The NBB is a research infrastructure that collects human brain tissue of donors with a variety of neurological and psychiatric disorders and control donors. Since 1985, NBB collected brain samples from 5,000 donors. The samples, together with an anonymized summary of a donor’s medical record and neuropathological assessment, are sent to nearly 300 academic institutes and 75 companies worldwide. The ultimate aim is increasing our understanding of the human brain and to support research focused on improving diagnosis and treatment of brain diseases.
NBB collects samples rapidly after dead. Due to a short postmortem delay of 6.5 h on average, brain samples are highly suitable for state-of-the-art molecular research techniques. NBB provides frozen and fixed brain samples and matched biofluids including postmortem CSF.
As part of the Netherlands Neurogenetics Database (NND) collaboration with University Medical Center Groningen, clinical and neuropathological signs and symptoms are extracted from the original data using machine learning algorithms. Together with genetic single polynucleotide data, information will be combined to compute Polygenic Risk Scores (PRS) for several brain diseases.
The NBB has initiated specific donor programs for multiple sclerosis (NBB-MS) and psychiatric diseases (NBB-Psy). The pathology of MS is complex and demands specific analyses such as post-mortem MRI localization of pathology and characterization of all tissue blocks for tissue dissemination. NBB-Psy increases the availability of brain tissue of subjects suffering from psychiatric diseases, which is scare worldwide. Currently, nearly 1,500 donors with a psychiatric disease are registered at NBB.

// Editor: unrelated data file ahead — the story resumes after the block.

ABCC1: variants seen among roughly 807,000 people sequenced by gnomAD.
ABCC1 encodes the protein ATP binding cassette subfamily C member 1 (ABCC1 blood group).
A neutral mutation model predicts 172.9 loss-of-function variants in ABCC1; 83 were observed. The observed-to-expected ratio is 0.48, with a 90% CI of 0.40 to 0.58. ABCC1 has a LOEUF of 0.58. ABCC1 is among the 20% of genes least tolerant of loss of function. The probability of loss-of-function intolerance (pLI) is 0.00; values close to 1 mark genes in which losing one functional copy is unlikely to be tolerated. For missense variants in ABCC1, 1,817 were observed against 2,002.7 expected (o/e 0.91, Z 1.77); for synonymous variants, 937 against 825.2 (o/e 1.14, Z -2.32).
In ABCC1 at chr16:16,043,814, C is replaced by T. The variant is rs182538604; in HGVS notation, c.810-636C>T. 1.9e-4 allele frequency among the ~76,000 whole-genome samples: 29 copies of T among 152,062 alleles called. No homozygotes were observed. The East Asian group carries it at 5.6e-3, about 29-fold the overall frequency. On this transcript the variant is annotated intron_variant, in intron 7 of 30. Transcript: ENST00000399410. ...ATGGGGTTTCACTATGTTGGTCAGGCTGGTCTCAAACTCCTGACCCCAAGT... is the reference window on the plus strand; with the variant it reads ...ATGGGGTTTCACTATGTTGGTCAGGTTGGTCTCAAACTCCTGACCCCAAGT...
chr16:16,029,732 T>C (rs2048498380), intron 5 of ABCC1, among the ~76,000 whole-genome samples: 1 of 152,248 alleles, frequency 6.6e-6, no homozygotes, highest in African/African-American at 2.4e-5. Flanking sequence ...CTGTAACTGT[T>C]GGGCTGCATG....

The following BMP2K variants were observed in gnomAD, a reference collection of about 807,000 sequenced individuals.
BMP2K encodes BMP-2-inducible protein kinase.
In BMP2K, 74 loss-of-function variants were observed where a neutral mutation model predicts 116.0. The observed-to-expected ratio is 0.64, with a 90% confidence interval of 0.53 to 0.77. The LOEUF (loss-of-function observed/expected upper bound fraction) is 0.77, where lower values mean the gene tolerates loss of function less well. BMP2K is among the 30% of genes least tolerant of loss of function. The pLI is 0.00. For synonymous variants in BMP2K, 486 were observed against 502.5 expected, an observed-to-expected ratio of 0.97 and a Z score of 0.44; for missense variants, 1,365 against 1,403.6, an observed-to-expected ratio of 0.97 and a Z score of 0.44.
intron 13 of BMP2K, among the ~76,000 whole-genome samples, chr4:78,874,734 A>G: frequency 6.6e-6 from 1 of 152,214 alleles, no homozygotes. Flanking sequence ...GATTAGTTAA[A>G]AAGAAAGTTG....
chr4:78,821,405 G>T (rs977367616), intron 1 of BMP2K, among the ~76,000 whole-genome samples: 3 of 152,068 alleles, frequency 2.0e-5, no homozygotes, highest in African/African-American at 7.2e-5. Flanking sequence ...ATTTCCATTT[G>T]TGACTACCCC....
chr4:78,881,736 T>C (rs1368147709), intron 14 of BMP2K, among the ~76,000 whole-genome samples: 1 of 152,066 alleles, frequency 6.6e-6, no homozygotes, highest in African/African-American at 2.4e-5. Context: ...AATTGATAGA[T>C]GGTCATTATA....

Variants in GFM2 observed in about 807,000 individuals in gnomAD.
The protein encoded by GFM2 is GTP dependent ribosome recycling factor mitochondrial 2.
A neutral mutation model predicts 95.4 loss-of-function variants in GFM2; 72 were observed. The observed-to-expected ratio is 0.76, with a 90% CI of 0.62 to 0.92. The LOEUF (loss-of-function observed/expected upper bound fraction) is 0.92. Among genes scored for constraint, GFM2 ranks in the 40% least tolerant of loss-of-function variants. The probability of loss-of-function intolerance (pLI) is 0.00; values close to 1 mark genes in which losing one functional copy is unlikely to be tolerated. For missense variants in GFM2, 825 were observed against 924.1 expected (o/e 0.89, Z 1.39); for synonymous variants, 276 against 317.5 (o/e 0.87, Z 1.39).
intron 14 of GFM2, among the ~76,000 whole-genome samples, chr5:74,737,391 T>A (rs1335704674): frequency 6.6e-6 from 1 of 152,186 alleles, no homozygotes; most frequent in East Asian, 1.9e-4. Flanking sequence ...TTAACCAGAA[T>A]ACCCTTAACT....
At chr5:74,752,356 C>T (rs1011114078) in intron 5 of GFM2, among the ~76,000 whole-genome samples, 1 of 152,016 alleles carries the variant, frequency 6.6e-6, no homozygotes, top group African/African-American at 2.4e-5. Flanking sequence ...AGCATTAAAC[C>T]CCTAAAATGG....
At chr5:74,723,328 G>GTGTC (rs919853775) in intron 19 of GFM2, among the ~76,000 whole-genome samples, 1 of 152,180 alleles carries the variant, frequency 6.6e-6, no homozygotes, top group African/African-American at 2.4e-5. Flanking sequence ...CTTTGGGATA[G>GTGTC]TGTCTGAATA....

Research facilitated by NBB
NBB tissue contributes to international fundamental and applied preclinical or translational research.
Research questions that can be addressed through the services of the Netherlands Brain Bank:
1. What are the cellular and molecular pathways causing neurological and psychiatric symptoms?
Next to immunohistochemical approaches, multiplex imaging and ultrastructural analyses of human brain tissue have become possible. Also high resolution multi-omics techniques are now available, e.g. single cell and spatial RNA sequencing, ATAC seq, (single cell) proteomics, lipidomics and metabolomics. For these techniques well characterized human brain tissue of high quality with short post mortem delay are needed to identify targets for therapy.
2. Can variability of neurological and psychiatric symptoms be linked to neuropathological variability?
The only site where clinical and neuropathological data come together structurally, is at a brain bank facility. Up to 30% of the neurological diagnoses are not confirmed neuropathologically. There are no routine brain autopsies and neuropathological diagnoses performed at the UMC’s, due to lack of reimbursement. At NBB, clinical data and neuropathological features can be compared and subtypes of disease identified. The Netherlands Neurogenetics Database was set up by the NBB to allows such analyses.
3. How does genetic vulnerability to brain diseases translate to molecular changes in the brain causing or impacting on disease progression?
DNA sequencing of all NBB brain donors allows identification of known and unknown variants and study of molecular changes in the brain tissue relating to genetic background.